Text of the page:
Effects of Polyacrylamide on Infiltration of High-Sodium Water

Project Number: 
Project Duration: 
24 months
May 1, 1994 to April 30, 1996
Institution of Principle Investigator while on this project: 
Texas A&M; University-Kingsville

Investigators (most current known information)

Professor & Chair, Agronomy & Resource Sciences, Texas A&M; University-Kingsville, MSC 156, Kingsville TX 78363
TEL: +1-361-593-3691, FAX: +1-361-593-3788, Email: duane.gardiner@tamuk.edu
Agricultural Research Organization of Israel, Institute of Soils and Water, Volcani Center, POB 6, Bet-Dagan 50520, ISRAEL

Proposal Abstract

Irrigated agriculture is feasible only where supplies of water are available and where physical properties of soils promote plant growth. High-sodium waters, such as wastewaters, typically reduce hydraulic conductivity and infiltration, and contribute to surface crusting. These waters may be adequate for irrigation if management strategies can overcome their harmful effects on soil. Polyacrylamide (PAM) may work better than the gypsum presently used to overcome effects of sodium. In laboratory studies, columns containing 8 cm of various soils were exposed to 4 levels of PAM (0, 10, 25, 40 mg/L) applied in 8 cm of water, then to weekly applications of wastewater or simulated rainwater over a period of 8 weeks. Hydraulic conductivity was measured weekly by the falling head method. For each soil, PAM improved hydraulic conductivity significantly--in some cases very dramatically. Effects were most apparent in the first weeks, and tapered off in subsequent weeks. Repeated applications of PAM improved the persistence of PAM effects. In a field study, PAM was metered into irrigation water at the rate of 25 mg/L, and applied in every or every other irrigation. A gypsum treatment, a non-amended control and a non-irrigated control were also established. Irrigation was supplied as needed during summer months, followed by an unusually rainy period. Surface infiltration rates were measured in late winter at heads and tails of irrigation furrows. PAM significantly (P less than 0.05) increased infiltration rates by a factor or two. Effects of gypsum were noted, but were less significant. PAM has the practical potential to facilitate irrigation with high-sodium wastewaters.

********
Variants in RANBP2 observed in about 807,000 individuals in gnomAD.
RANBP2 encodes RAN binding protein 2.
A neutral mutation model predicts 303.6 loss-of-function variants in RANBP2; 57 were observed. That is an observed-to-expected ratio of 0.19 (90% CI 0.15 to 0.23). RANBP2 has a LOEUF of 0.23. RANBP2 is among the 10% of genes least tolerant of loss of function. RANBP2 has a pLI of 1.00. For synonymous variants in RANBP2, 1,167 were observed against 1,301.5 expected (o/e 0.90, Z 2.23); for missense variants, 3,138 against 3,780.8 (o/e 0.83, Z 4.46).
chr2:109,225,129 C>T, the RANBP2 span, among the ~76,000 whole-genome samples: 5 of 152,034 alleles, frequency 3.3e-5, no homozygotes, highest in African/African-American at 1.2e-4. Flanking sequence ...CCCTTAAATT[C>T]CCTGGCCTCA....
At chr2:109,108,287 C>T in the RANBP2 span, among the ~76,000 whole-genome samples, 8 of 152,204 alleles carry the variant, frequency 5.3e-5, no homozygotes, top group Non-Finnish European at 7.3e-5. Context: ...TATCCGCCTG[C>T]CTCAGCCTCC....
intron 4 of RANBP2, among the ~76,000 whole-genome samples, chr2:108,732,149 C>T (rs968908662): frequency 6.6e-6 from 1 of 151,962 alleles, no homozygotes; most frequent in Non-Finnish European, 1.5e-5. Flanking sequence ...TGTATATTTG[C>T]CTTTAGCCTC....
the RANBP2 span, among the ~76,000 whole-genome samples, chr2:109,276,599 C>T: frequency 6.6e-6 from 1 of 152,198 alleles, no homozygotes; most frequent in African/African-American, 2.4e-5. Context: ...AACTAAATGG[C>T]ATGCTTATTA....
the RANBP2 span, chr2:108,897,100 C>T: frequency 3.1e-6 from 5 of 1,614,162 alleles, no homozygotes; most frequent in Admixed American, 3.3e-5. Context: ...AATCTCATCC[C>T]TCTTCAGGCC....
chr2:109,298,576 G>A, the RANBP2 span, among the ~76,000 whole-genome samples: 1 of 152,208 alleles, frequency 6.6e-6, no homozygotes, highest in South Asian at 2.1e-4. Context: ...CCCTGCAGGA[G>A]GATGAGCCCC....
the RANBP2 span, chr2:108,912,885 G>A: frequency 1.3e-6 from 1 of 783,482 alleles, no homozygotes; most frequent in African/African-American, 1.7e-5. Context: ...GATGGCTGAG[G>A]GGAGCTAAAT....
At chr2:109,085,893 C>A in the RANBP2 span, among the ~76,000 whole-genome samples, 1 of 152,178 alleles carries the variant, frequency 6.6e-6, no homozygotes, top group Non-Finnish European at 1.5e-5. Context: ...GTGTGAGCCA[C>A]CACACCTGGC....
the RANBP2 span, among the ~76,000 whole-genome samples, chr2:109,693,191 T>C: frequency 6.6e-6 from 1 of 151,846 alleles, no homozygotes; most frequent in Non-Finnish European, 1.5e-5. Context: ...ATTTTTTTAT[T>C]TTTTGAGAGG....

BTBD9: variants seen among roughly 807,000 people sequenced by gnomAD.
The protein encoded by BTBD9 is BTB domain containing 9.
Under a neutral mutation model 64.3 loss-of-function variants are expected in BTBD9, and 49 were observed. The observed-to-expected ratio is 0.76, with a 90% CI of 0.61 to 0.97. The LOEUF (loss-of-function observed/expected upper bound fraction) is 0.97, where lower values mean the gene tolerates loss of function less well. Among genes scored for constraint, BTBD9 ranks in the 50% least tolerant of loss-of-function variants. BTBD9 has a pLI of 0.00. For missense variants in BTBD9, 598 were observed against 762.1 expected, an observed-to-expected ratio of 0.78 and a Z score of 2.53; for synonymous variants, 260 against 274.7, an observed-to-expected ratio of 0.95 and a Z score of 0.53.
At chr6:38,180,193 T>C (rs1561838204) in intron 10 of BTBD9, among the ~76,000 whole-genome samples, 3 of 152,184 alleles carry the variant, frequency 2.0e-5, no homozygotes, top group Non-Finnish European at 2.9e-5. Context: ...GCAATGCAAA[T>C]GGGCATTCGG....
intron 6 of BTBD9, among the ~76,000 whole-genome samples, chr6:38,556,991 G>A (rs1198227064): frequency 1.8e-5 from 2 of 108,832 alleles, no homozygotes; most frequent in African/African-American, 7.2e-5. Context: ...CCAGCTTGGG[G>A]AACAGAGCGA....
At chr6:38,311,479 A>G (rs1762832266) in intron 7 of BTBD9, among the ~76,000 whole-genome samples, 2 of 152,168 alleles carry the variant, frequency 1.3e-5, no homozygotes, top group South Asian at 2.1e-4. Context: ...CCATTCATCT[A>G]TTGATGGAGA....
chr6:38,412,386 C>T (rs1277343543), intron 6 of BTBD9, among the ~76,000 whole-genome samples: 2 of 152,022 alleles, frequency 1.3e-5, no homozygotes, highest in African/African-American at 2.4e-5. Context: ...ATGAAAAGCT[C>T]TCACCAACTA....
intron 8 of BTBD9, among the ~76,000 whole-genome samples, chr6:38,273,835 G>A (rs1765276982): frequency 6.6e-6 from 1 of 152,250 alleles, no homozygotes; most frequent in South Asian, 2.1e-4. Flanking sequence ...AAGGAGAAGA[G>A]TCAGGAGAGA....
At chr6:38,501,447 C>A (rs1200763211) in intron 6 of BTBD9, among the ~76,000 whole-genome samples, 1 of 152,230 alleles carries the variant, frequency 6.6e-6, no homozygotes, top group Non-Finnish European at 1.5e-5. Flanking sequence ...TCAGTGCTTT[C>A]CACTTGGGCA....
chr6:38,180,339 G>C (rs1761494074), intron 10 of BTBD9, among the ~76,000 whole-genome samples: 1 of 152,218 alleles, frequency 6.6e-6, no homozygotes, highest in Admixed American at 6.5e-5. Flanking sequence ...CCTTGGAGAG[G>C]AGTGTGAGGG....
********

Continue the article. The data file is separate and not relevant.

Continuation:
Articles in Journals

Gardiner, D., P. Felker and T. Carr. 1999. "Cactus extract increases water infiltration rates in two soils." Communications in Soil Science and Plant Analysis 30:1707-1712.

Gardiner, D.T. 1996. "Gypsum and polyacrylamide soil amendments used with high sodium wastewater." Texas Water Resources Institute. College Station TX. Technical Report 174, 50.

Levy, G.J., J. Levin and I. Shainberg. 1995. "Polymer effects on runoff and soil erosion from sodic soils." Irrigation Science 16:9-14.


Gardiner, D.T., T.A. Carr and R.N. Morgan. 1999. "Soil water distribution following polyacrylamide application." 294. In Annual Meeting Abstracts, Salt Lake City. American Society of Agronomy, Madison WI.

Gardiner, D., Q. Sun, E. Mendez and T. Carr. 1998. "Improving water infiltration and ameliorating soil crusting with polyacrylamide." In Tropical hydrology and Caribbean water resources, ed. R.I. Segarra-Garcia, 167-172. American Water Resources Association.

Gardiner, D.T. and T. Carr. 1998. "Polyacrylamide application affects soil moisture distribution." In Annual Meeting Abstracts, Baltimore, 272. American Society of Agronomy, Madison WI.

Gardiner, D.T., B.E. Mendez and Q. Sun. 1997. "Polyacrylamide to control harmful effects of irrigation with wastewater." In Agronomy Abstracts, Anaheim CA. American Society of Agronomy, 267. Madison WI.

Gardiner, D.T. and B.E. Mendez. 1995. "Effects of polyacrylamide on infiltration of wastewater." In Proceedings of the 24th Water for Texas Conference, 245-250. 16-27 Jan. Austin TX.


Support for this project came from the USDA Cooperative State Research, Education, and Extension Service